Death is coming for all of us. But recent research points to interventions in diet, exercise, and mental outlook that could slow aging and age-related diseases – without risky biohacks such as unproven gene therapies. A multidisciplinary approach involving these evidence-based strategies “could do everything right,” said Valter Longo, a biochemist who heads the Longevity Institute at the Leonard Davis School of Gerontology at the University of Southern California.
There is some debate, however, over how much we can increase our longevity. All humans share 99.9% of their genes. This explains why even “super-ages,” born with tiny genetic differences that promote longevity, almost never exceed 110. (Jeanne Louise Calment from France was an outlier, living to age 122, the current record.) Some animals do. well beyond that mark, according to Jan Vijg, molecular geneticist at the Albert Einstein College of Medicine. Scientists know only one way for humans to live 170 years like a giant tortoise: to become a giant tortoise.
Some experts believe it is likely that someone will set a record for our species by the end of this century. Statisticians have observed a “mortality plateau” for the very old; although the chance of dying in any given year increases with age, the odds seem to stop increasing after 105. Beyond that plateau, it’s basically a draw every year: face you will see your next birthday, face you will not see it.
But the mortality plateau is often debated. While it’s true that the risk of death is leveling off, that won’t necessarily lead to super-ages alive longer than before. Susan Alberts, a primatologist at Duke University, published an article comparing the rate of human aging to that of other primates. Maximum human life expectancy has increased by about three months per year since the mid-1800s, but this can be explained by fewer early and mid-life deaths. Alberts found that the rate of decline in old age remained the same, reflecting other species. She believes maximum human lifespan could be extended by continuing to “avoid early and mid-life deaths” which simply increases the number of people who could live very long lives.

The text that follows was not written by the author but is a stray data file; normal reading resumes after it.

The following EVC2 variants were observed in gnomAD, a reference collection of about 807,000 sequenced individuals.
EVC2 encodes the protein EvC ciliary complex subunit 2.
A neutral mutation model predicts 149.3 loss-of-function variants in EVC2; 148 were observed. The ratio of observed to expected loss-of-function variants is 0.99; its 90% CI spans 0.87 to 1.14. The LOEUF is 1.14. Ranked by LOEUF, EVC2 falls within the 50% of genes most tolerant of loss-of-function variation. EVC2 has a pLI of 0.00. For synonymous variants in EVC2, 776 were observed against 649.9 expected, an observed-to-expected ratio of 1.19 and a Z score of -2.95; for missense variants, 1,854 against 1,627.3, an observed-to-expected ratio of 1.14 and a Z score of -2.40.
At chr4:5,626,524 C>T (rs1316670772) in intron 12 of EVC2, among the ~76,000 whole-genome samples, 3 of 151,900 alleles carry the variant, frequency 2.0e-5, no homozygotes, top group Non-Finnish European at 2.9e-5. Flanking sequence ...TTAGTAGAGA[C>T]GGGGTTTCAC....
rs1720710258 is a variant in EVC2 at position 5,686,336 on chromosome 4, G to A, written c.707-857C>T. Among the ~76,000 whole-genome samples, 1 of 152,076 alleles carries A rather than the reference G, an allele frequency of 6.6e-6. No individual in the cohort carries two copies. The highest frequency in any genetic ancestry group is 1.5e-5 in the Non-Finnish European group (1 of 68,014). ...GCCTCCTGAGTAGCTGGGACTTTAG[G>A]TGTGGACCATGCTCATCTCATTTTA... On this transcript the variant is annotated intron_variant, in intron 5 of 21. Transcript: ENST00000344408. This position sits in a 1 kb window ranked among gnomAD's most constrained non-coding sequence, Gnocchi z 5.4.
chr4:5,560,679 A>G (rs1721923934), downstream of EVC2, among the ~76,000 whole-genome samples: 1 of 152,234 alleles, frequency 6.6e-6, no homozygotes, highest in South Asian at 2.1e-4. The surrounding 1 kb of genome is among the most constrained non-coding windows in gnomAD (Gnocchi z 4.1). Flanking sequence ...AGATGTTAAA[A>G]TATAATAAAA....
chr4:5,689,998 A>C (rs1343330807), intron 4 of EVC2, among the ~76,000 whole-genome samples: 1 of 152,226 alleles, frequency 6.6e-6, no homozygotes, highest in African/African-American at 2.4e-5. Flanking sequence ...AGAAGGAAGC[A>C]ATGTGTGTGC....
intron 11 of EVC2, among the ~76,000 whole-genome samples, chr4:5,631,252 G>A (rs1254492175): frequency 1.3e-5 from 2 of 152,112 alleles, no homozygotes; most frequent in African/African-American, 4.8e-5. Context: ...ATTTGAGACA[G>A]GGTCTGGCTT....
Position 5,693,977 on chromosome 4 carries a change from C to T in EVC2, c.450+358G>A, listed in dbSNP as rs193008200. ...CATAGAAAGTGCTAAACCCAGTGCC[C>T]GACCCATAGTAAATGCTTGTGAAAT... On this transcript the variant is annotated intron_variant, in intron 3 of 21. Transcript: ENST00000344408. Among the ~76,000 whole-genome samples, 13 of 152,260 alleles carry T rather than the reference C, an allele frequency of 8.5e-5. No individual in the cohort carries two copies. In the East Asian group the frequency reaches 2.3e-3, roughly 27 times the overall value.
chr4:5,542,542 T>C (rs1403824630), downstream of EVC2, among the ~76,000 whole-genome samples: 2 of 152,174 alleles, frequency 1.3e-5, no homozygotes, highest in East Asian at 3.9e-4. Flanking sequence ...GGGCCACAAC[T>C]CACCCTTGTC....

Time will tell who is right about the lifespan of our species. What is clear is that certain lifestyles help individuals live longer than they otherwise would, including genetically blessed people. Harvard researchers have found that healthy habits extend life expectancy by almost 15 years. “That’s over $ 100,000 billion in savings on health care,” said Harvard biologist David Sinclair.
However, too few Americans can access healthy lifestyles, and we get sick and die earlier on all economic levels compared to other countries. Those under 65 in the wealthiest parts of the United States have a higher mortality than those in the poorest parts of Europe, according to a study released in September. “We’re going to pay if we don’t do something about this rising tide of people with disabilities,” said Judith Campisi, a biochemist at the Buck Institute for Research on Aging.
Longevity research findings may promote better health in older people, with fewer age-related illnesses and disabilities. And it’s interesting that many scientists believe that a certain amount and type of stress can help, through evolution. As Sinclair wrote in his 2019 book, “Lifespan”: “Our genes haven’t evolved for a life of pampered comfort. A little stress to induce hormesis every now and then probably goes a long way.
“Hormesis” is a process in which various stressors, such as those related to diet and exercise, appear to activate genes that slow cell growth and aging.
Using food to be wrong
Stress that is good for longevity can be caused by nutrition. Ideally, our ancestors enjoyed high protein red meat for optimal energy and performance. But when hunting expeditions failed, people resorted to resistant plants. Today our body still induces a state of scarcity if we consume a lot of vegetables, activating the longevity genes. Indeed, such a diet is associated with a longer lifespan, according to the Harvard study. Becoming a full-fledged vegetarian is probably not necessary, but, to maximize what longevity experts call “shelf life,” at least 50% of protein should come from plant sources, Longo said.
He advises getting other proteins primarily from oily fish while moderating your intake of starchy carbohydrates, such as pasta and potatoes. Research has shown that older people who regularly eat these carbohydrates may be more likely to suffer from dementia. Try replacing them sometimes with foods such as lentils or extra vegetables, which contain more fiber and minerals than refined carbohydrates, said Kris Verburgh, nutrigerontologist and author of “The Longevity Code.”